Academic Support Services
Robert W. Grossman, 2005 "Discovering Hidden Transformations: Making Science and Other Courses More Learnable." College Teaching 53 (1): 33-40. This article focuses on techniques for teaching students how to transform knowledge to apply it to new situations.
Students learn to systematize what they have learned by drawing diagrams that show the relationships among concepts.
General Articles on Concept Mapping
James Cook University - Mind Mapping tools
University of West Florida resources on Concept Mapping (link to PDF document)
Chemistry Concept Mapping
Alberto Regis and Pier Giorgio Albertazzi. 1996. "Concept Maps in Chemistry Education." Journal of Chemical Education 73 (11): 1084-1088.
Reed has a site-license to this software, which has concept mapping capability, among other features. You will find it on the computers in the IRCs and in the Q/Writing Center.
These books are designed specifically for self-instruction and are available for on-site use in the Quantitative Skills Center resource library. Most are also available in either the Reed library or through Summit.
- Forgotten Algebra by Barbara Lee Bleau. Great self-guided course for students who either have forgotten their algebra or never really got it the
first time around. Chapters are arranged by topic.
- Mathematics: A Second Chance. This book was published in Britain so has some slightly unfamiliar vocabulary in places, but is otherwise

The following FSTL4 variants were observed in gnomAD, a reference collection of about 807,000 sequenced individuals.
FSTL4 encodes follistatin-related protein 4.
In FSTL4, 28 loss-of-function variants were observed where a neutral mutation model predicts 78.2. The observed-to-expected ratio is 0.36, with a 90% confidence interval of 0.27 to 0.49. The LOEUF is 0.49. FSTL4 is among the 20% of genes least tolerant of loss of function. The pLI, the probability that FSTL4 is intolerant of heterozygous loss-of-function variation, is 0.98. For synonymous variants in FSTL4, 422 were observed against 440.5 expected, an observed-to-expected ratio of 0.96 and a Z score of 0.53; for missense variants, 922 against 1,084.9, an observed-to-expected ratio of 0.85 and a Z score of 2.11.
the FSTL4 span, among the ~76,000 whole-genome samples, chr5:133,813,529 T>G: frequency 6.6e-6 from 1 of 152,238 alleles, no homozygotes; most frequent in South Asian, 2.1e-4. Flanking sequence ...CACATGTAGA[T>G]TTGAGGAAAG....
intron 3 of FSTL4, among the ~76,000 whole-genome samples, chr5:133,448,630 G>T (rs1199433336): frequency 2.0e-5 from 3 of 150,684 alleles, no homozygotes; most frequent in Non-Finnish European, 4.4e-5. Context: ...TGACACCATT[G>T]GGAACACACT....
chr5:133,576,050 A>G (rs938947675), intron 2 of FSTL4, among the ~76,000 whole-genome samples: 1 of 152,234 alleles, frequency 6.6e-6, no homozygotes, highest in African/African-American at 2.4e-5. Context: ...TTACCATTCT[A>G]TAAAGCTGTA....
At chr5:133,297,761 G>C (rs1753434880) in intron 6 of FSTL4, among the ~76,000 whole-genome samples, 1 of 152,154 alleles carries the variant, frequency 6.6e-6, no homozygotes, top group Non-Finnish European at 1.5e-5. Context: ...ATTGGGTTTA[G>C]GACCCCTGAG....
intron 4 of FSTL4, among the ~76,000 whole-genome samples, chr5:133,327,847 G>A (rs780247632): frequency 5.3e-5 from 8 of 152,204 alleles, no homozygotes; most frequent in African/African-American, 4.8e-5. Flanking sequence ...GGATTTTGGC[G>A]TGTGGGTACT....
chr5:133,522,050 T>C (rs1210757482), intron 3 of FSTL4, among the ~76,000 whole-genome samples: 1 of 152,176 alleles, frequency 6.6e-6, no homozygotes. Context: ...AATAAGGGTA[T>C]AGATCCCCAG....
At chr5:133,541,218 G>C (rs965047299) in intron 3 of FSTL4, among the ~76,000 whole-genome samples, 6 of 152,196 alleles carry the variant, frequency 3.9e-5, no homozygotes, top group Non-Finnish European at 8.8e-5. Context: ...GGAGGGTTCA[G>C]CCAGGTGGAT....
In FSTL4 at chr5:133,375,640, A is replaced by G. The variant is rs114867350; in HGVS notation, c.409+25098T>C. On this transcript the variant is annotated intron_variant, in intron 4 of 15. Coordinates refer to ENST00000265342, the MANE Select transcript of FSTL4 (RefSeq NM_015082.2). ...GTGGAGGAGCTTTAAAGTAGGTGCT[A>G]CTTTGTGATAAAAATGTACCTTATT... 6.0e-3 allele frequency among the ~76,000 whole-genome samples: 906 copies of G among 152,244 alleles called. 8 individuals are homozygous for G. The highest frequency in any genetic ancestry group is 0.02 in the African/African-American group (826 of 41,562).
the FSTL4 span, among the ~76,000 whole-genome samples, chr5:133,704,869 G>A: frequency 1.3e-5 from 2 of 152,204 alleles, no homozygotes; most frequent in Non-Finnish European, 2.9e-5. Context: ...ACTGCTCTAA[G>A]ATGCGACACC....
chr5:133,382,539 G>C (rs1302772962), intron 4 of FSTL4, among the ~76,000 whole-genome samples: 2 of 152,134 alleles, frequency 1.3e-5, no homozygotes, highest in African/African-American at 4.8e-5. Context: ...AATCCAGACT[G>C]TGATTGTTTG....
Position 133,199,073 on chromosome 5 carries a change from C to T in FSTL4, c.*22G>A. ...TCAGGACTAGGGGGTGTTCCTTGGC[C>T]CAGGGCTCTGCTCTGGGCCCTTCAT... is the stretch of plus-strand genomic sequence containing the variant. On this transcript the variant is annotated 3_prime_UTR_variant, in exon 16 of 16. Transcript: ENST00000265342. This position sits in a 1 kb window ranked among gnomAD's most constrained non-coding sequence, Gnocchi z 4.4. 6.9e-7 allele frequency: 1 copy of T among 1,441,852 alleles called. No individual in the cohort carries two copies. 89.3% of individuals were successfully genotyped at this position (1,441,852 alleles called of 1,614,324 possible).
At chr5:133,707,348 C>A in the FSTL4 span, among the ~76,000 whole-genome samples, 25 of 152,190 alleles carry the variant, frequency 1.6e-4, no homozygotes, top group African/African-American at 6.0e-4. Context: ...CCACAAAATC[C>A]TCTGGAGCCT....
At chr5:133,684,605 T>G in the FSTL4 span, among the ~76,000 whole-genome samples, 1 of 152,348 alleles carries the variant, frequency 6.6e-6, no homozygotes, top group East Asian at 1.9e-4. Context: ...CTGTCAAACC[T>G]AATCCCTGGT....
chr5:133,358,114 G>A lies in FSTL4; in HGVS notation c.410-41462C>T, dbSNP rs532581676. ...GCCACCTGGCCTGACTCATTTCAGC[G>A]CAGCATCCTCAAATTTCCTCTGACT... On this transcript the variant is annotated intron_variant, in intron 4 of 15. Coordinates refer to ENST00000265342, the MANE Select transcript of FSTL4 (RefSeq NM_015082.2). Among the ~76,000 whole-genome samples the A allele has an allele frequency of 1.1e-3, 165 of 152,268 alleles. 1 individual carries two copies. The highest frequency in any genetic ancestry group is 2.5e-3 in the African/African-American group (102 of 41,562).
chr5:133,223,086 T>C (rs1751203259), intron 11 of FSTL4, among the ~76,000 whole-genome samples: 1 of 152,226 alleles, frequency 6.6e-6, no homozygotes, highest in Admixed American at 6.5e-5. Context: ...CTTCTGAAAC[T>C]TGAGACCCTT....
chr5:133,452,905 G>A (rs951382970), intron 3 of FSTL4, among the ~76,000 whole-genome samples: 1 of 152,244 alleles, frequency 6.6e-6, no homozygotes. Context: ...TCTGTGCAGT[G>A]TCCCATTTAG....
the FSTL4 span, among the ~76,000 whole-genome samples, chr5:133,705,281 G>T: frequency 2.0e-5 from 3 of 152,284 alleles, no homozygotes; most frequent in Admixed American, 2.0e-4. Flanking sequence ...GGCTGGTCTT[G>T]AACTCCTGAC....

excellent in taking the student from arithmetic to calculus in a straightforward way with plenty of practice problems.
- Quick Calculus by Daniel Kleppner and Norman Ramsey. Co-authored by a Nobel-prizewinner in physics, this is a quick review or first run-
through of integral and differential calculus. While not a replacement for a true first course in calculus, it may be a helpful refresher for
students taking classes in other subjects where calculus is used.
- Calculus Made Easy by Silvanus Thompson. A classic text that uses an intuitive approach to the explanation of calculus concepts.
Recommended to me by a recent Reed econ alumnus who claims that for the first time he feels he can actually grasp calculus.
If you know of a student who is looking to improve his or her math skills, please direct them to Ryland Bell in the Dorothy Johansen House, phone: 503/517-7690 .
Ryland can help set up an individualized skills development program with weekly follow-up.